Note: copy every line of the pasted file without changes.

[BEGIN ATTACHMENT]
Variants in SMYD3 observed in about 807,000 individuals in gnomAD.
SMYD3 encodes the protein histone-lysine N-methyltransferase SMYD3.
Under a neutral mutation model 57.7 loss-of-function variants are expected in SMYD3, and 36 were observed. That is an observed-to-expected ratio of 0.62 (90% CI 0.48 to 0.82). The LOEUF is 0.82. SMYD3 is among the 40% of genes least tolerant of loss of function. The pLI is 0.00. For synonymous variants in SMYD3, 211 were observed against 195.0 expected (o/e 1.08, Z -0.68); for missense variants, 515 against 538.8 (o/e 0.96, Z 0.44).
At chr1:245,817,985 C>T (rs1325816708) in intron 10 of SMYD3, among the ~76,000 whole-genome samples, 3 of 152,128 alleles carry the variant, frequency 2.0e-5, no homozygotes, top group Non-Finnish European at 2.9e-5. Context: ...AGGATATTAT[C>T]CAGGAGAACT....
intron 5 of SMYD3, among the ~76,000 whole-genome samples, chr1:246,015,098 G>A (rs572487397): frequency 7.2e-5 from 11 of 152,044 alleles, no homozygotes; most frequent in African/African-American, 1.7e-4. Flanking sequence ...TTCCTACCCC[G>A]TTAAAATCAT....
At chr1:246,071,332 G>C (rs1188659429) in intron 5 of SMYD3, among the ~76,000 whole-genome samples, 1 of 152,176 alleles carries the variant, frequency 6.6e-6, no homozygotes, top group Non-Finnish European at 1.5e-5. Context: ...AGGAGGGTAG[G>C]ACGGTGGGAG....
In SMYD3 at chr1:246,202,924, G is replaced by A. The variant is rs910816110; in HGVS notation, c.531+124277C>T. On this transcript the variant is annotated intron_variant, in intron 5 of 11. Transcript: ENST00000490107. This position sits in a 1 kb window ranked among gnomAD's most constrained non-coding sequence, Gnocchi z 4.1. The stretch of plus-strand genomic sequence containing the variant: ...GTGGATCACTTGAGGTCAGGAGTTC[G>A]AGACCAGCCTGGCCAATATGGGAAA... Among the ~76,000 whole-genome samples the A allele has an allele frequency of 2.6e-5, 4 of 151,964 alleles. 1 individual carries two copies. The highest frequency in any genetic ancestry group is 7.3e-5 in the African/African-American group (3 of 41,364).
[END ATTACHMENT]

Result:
Variants in SMYD3 observed in about 807,000 individuals in gnomAD.
SMYD3 encodes the protein histone-lysine N-methyltransferase SMYD3.
Under a neutral mutation model 57.7 loss-of-function variants are expected in SMYD3, and 36 were observed. That is an observed-to-expected ratio of 0.62 (90% CI 0.48 to 0.82). The LOEUF is 0.82. SMYD3 is among the 40% of genes least tolerant of loss of function. The pLI is 0.00. For synonymous variants in SMYD3, 211 were observed against 195.0 expected (o/e 1.08, Z -0.68); for missense variants, 515 against 538.8 (o/e 0.96, Z 0.44).
At chr1:245,817,985 C>T (rs1325816708) in intron 10 of SMYD3, among the ~76,000 whole-genome samples, 3 of 152,128 alleles carry the variant, frequency 2.0e-5, no homozygotes, top group Non-Finnish European at 2.9e-5. Context: ...AGGATATTAT[C>T]CAGGAGAACT....
intron 5 of SMYD3, among the ~76,000 whole-genome samples, chr1:246,015,098 G>A (rs572487397): frequency 7.2e-5 from 11 of 152,044 alleles, no homozygotes; most frequent in African/African-American, 1.7e-4. Flanking sequence ...TTCCTACCCC[G>A]TTAAAATCAT....
At chr1:246,071,332 G>C (rs1188659429) in intron 5 of SMYD3, among the ~76,000 whole-genome samples, 1 of 152,176 alleles carries the variant, frequency 6.6e-6, no homozygotes, top group Non-Finnish European at 1.5e-5. Context: ...AGGAGGGTAG[G>C]ACGGTGGGAG....
In SMYD3 at chr1:246,202,924, G is replaced by A. The variant is rs910816110; in HGVS notation, c.531+124277C>T. On this transcript the variant is annotated intron_variant, in intron 5 of 11. Transcript: ENST00000490107. This position sits in a 1 kb window ranked among gnomAD's most constrained non-coding sequence, Gnocchi z 4.1. The stretch of plus-strand genomic sequence containing the variant: ...GTGGATCACTTGAGGTCAGGAGTTC[G>A]AGACCAGCCTGGCCAATATGGGAAA... Among the ~76,000 whole-genome samples the A allele has an allele frequency of 2.6e-5, 4 of 151,964 alleles. 1 individual carries two copies. The highest frequency in any genetic ancestry group is 7.3e-5 in the African/African-American group (3 of 41,364).